Proteinuria & Hematuria
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  • 1. PROTEINURIA AND HEMATURIA CARMEN PRIET0-JIMENEZ, M.D.
  • 2. Proteinuria and Nephrotic Syndrome
    • Occurrence of proteinuria in a single urine is relatively common.
    • Will present in 5% to 15% of normal children in a random urine specimen.
  • 3.
    • -Proteinuria is a marker of renal disease.
    • -The dilemma for the PCP is to differentiate the child with transient or any other benign forms of proteinuria from children with renal disease.
  • 4.
    • PATOPHYSIOLOGY AND CLASSIFICATION
    • Normal protein excretion
    • normal child <100 mg/m2/day or 150mg/day
    • neonates is higher up to 300 mg/m2
    • (reduced reabsorption of filtered protein)
  • 5.
    • The normally low rate of urinary protein excretion is:
    • -Restriction of the filtration
    • -Reabsorption of freely filtered low molecular weight protein
  • 6.
    • Abnormal protein excretion
    • Urinary protein excretion in excess of 100 mg/m2/day or 4mg/m2/hr
    • Nephrotic range proteinuria is defined as >1000 mg/m2/day or 40mg/m2/hr
  • 7.
    • Three main mechanism:
    • Glomerular (increase filtration)
    • Tubular (increase excretion- decrease reabsorption)
    • Overflow (marked overproduction of a particular protein)
  • 8.
    • Measurement of urinary protein
    • Urine dipstick
    • negative
    • trace between 15-30mg/dl
    • 1+ 30-100 mg/dl
    • 2+ 100-300mg/dl
    • 3+ 300-1000mg/dl
    • 4+ >1000mg/dl
  • 9.
    • Quantitative assessment
    • Measurement of 24-hour protein excretion or total protein/creatinine ratio
    • in a spot urine in the morning
    • normal in children :
    • <0.2mg protein/mg creatinine (+2 years)
    • <0.5mg protein/mg creatinine (6-24-month)
  • 10.
    • Qualitative assessment
    • May be necessary to differentiate glomerular from tubular protein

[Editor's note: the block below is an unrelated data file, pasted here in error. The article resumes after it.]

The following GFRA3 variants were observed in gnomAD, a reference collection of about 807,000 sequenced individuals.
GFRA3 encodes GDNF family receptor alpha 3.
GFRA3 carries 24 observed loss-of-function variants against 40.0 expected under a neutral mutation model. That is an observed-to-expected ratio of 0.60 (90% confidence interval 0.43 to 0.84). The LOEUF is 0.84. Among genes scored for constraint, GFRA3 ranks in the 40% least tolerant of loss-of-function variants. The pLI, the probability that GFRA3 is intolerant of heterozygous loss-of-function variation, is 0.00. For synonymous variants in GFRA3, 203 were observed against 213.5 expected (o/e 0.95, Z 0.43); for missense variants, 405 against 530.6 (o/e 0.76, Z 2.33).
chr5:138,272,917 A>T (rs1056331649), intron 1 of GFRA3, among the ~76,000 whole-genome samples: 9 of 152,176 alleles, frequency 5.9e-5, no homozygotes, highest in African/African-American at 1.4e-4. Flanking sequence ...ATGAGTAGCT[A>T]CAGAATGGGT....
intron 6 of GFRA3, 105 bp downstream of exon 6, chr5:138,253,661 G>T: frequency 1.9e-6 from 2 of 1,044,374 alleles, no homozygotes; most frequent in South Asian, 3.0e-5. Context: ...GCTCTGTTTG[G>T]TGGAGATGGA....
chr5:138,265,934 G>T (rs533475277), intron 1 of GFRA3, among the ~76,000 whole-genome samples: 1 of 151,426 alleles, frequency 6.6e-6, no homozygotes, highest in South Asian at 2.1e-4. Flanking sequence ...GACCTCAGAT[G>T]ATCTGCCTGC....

• 11.
    • Approach to the child with proteinuria
    • Transient or Intermittent
    • Orthostatic
    • Persistent
  • 12.  
  • 13.
    • History and physical
    • Thorough history and physical
    • change in urine volume or color
    • edema
    • increase BP
    • recent strep infection
    • family history for renal disease and hearing loss (Alport disease)
  • 14.  
  • 15. The Need for Renal Biopsy
    • The key indication for biopsy in any renal disorder are the need to make specific diagnosis for therapeutic reasons or to provide a prognosis.
  • 16. Neprotic Syndrome
    • Nephrotic syndrome is characterized by massive proteinuria, hypoalbuminemia, edema, and hyperlipidemia; the most common presenting symptom is edema.
  • 17. Introduction
    • The annual incidence of Nephrotic syndrome in healthy children is 2 to 7 new case per 100,000 children younger than 18 years of age.
    • The peak age lf onset is at 2 to 3 years.
  • 18. Definition
    • The diagnosis of NS is the presence of urinary protein, with the albumin disproportionately greater than globulin.
  • 19. Clinical Diagnostic Criteria
    • 1- Generalized edema
    • 2- Hypoproteinemia <2 g/dL (disproportionately low albumin in relation to globulin)
  • 20.
    • 3-Urine protein to urine creatinine ratio in excess of 2 (first A.M. void) or a 24- hour urine that exceeds 50mg/Kg body weight
    • 4-Hypercholesterolemia (>200 mg/dL)
  • 21.  
  • 22.  
  • 23.
    • The mechanisms for edema include:
    • -Transudation of fluid from the intravascular space into the intestitium secondary to decreased albumin and
    • - Increased renal tubular reabsorption of sodium and water
  • 24.  
  • 25.
    • The hyperlipidemia is secondary to:
    • -Increase in lipoprotein synthesis by the liver and
    • -Decrease in lipid catabolism resulting from reduced activity of the enzyme lipoprotein lipase and lecithin cholesterol acetyltransferase.
  • 26.
    • INCIDENCE FOR UNDERLYING PATHOLOGY
  • 27.  
  • 28.  
  • 29.  
  • 30.
    • TREATMENT
  • 31.  
  • 32.  
  • 33. Complications
    • One true complication of NS is the tendency to developed infections.
    • IgG antibody is lost in the urine, and complement activation is impaired by concomitant loss of factor B.
  • 34.
    • Marked intravascular depletion causes diminished splachnic blood flow and hypoxia, and a marked tendency to thrombosis cause microinfarction, lowering resistance of the bowel wall to bacteria passage.
  • 35.
    • Peritonitis is a major contributor to the 1% to 2% mortality in NS
    • The second major contributor is Thromboembolism, however anticoagulant therapy is not justified during remission.
  • 36.
    • Growth is often impaired in NS
    • There may be losses of IGF-binding protein, which could account for the depressed serum concentration of IGF-I and IGF-II.
  • 37.  
  • 38. Prognosis
    • Mortality in minimal-change NS is approximately 2%
    • Of the remaining 98%, most are steroid-responsive
    • about 2/3 experience 1/3 possible
    • single relapse developing protracted series of relapses
  • 39. Hematuria and Glomerulonephitis
  • 40. Introduction